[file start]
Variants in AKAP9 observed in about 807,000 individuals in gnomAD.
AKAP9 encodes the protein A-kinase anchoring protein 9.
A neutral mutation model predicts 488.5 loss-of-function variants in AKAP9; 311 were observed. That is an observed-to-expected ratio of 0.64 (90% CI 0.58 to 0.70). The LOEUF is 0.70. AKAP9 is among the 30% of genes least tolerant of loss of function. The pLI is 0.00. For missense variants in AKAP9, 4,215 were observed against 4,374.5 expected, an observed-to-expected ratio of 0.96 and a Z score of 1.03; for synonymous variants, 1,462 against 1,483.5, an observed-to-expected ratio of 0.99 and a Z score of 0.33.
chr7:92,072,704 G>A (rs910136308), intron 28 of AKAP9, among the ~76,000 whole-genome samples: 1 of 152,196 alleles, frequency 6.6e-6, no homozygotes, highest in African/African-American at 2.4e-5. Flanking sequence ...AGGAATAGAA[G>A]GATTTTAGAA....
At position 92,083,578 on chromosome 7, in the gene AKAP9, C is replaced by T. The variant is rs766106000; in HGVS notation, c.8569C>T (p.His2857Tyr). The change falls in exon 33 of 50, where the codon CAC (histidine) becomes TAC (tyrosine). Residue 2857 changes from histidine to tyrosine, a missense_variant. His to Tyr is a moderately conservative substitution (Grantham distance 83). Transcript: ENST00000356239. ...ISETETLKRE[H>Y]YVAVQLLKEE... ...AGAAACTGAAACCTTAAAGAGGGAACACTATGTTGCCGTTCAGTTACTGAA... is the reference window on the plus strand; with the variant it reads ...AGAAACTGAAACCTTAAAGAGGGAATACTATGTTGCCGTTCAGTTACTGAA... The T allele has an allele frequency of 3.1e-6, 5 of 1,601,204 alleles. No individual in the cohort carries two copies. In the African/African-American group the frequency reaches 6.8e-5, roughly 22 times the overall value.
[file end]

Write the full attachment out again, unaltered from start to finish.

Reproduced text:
Variants in AKAP9 observed in about 807,000 individuals in gnomAD.
AKAP9 encodes the protein A-kinase anchoring protein 9.
A neutral mutation model predicts 488.5 loss-of-function variants in AKAP9; 311 were observed. That is an observed-to-expected ratio of 0.64 (90% CI 0.58 to 0.70). The LOEUF is 0.70. AKAP9 is among the 30% of genes least tolerant of loss of function. The pLI is 0.00. For missense variants in AKAP9, 4,215 were observed against 4,374.5 expected, an observed-to-expected ratio of 0.96 and a Z score of 1.03; for synonymous variants, 1,462 against 1,483.5, an observed-to-expected ratio of 0.99 and a Z score of 0.33.
chr7:92,072,704 G>A (rs910136308), intron 28 of AKAP9, among the ~76,000 whole-genome samples: 1 of 152,196 alleles, frequency 6.6e-6, no homozygotes, highest in African/African-American at 2.4e-5. Flanking sequence ...AGGAATAGAA[G>A]GATTTTAGAA....
At position 92,083,578 on chromosome 7, in the gene AKAP9, C is replaced by T. The variant is rs766106000; in HGVS notation, c.8569C>T (p.His2857Tyr). The change falls in exon 33 of 50, where the codon CAC (histidine) becomes TAC (tyrosine). Residue 2857 changes from histidine to tyrosine, a missense_variant. His to Tyr is a moderately conservative substitution (Grantham distance 83). Transcript: ENST00000356239. ...ISETETLKRE[H>Y]YVAVQLLKEE... ...AGAAACTGAAACCTTAAAGAGGGAACACTATGTTGCCGTTCAGTTACTGAA... is the reference window on the plus strand; with the variant it reads ...AGAAACTGAAACCTTAAAGAGGGAATACTATGTTGCCGTTCAGTTACTGAA... The T allele has an allele frequency of 3.1e-6, 5 of 1,601,204 alleles. No individual in the cohort carries two copies. In the African/African-American group the frequency reaches 6.8e-5, roughly 22 times the overall value.